Recuperation of a degraded Amazonian landscape: forest recovery and agricultural restoration

D. C. Nepstad, Christopher Uhl, E. A.S. Serrao

Research output: Contribution to journalArticlepeer-review

275 Scopus citations


Ranching and logging operations are transforming the moist tropical forests of an eastern Amazonian landscape into a mosaic of pastures and regrowth forests. The new ecosystems of this region are agriculturally unproductive, biologically impoverished, and far more flammable than the mature forests they replace. In the absence of fire, the forest regrows on abandoned sites, accumulating biomass and species at a rate that is inversely related to the intensity of use prior to abandonment. Forest regrows slowest on those rare abandoned pastures that were once scraped with bulldozers. The grass- and shrub-dominated old fields that form on some of these sites resist forest regrowth because of numerous barriers to tree establishment and growth. Knowledge of these barriers provides a basis for developing inexpensive techniques to restore agricultural productivity in old fields by implanting tree-based agricultural systems or to restore forest regenerative capacity in old fields by establishing trees that attract seed-carrying animals and ameliorate harsh environmental conditions. These restoration techniques will be needed over large areas of Amazonia if current attempts to reform degraded pastures fail. -from Authors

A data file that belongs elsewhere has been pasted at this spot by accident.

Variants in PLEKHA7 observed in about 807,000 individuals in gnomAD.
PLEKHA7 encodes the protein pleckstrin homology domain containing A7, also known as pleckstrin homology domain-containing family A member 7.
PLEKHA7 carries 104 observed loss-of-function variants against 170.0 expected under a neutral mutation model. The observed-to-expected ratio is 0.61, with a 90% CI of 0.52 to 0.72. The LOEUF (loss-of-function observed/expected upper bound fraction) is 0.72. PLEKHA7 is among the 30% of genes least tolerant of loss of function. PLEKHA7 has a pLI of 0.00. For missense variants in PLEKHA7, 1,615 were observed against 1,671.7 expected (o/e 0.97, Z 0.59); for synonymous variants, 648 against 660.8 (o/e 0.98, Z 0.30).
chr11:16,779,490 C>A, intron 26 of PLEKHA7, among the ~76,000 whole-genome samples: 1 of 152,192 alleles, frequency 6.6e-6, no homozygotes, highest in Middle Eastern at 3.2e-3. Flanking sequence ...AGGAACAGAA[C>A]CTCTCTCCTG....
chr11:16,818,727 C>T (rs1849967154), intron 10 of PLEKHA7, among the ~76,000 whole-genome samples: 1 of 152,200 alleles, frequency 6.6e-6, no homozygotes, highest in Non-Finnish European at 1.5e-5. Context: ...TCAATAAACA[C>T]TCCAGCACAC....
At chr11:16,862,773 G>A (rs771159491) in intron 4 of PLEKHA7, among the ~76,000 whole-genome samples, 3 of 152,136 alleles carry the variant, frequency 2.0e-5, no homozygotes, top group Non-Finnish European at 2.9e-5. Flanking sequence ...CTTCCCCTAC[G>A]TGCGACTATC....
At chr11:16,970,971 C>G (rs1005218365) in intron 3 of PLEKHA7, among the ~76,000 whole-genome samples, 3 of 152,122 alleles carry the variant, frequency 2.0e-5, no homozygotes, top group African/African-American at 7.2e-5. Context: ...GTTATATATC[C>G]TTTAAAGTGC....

Original languageEnglish (US)
Pages (from-to)248-255
Number of pages8
Issue number6
StatePublished - Jan 1 1991

All Science Journal Classification (ASJC) codes

  • Geography, Planning and Development
  • Environmental Chemistry
  • Ecology


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